In order to aid you and your family as you study John 1 this week, here are a few insights from gospel scholars that provide more depth and context to the Gospel of John.
Who was John?
Thomas A. Wayment explains in The New Testament: A Translation for Latter-day Saints:
As in the other Gospels, the author of the Gospel of John never mentions himself by name directly. In the stories that are retold in the Fourth Gospel, an unnamed disciple sees and experiences the life of Jesus personally and uniquely. He was a follower of John the Baptist (John 1:35–39), and he became a follower of Jesus after hearing John’s testimony. During Jesus’s final week of life, the unnamed disciple grew more prominent in the story, perhaps suggesting that his witness was shaped by the events of the final week. He sat next to Jesus at the Last Supper (John 13:21–30), he may have watched the trial of Jesus with Peter (John 18:15–18), he visited Jesus during the crucifixion (John 19:26–27), he was among the first to visit the empty tomb (John 20:2–10), and he dined with Jesus after the resurrection (John 21:7–20). The author was reluctant to name himself, although he clearly told of his involvement in the story. Tradition has connected John the son of Zebedee with the author of the Gospel, although some early Christians like Irenaeus (died 202 CE) thought another disciple named John was responsible for writing the Gospel, but for the most part the tradition has been fairly stable that John the early disciple wrote it.
The Greek of the Fourth Gospel and writing style can be described as simple and perhaps the work of a non-native Greek speaker. Beginning with the opening lines, it quickly becomes apparent that John was not writing a historical record of Jesus’s life (John 20:30) but rather a reflection on the meaning of Jesus’s life (John 20:31). Stories and events from Jesus’s life were chosen for a specific purpose and interest.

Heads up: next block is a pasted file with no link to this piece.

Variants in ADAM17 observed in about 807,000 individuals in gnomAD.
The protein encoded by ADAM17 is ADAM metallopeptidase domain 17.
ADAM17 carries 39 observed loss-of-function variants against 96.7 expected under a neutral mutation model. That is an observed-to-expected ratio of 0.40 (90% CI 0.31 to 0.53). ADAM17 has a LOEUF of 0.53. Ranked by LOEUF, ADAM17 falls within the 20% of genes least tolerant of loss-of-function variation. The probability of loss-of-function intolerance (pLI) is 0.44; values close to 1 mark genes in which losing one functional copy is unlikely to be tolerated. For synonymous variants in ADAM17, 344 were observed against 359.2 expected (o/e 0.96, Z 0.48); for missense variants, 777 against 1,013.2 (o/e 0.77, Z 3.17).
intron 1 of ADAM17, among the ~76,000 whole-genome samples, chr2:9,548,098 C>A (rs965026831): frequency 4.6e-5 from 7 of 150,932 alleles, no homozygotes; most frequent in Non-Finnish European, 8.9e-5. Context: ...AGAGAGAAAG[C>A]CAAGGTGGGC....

Why does he call Christ the Word?
In The New Testament Study Guide: Start to Finish, the book’s editor Thomas R. Valletta compiles quotes from prophets and scholars to explain Jesus Christ’s role as the Word:
Elder Bruce R. McConkie taught: “Christ is the Word or Messenger of Salvation. Thus John’s meaning is: ‘In pre-existence was Christ, and Christ was with the Father, and he, the Son, had himself also attained godhood.’ I. V. John 1:1–2; D&C 93:7–8. Further, the gospel itself is the word, and it is because the gospel or word of salvation is in Christ that he, on the principle of personification’ . . . becomes the Word” (Doctrinal New Testament Commentary, 1:71; see also JST, John 1:1).
“The Gospel of John calls Jesus the Word (see John 1:1; logos in Greek), a complex philosophical term that basically means the divine principle of reason that brings order to the universe and links the human mind with Deity. In basic gospel terms, Jesus is the mediator who was sent to reconcile humanity with God (see D&C 76:69)” (Judd, Essential New Testament Companion, 34–35).
“The Father operated . . . through the Son, who thus became the executive through whom the will, commandment, or word of the Father was put into effect. It is with incisive appropriateness therefore, that the Son, Jesus Christ, is designated by the apostle John as the Word; or as declared by the Father ‘the word of my power’” (Talmage, Jesus the Christ, 33).
Thomas A. Wayment in Scripture Study Made Simple: The New Testament further explains: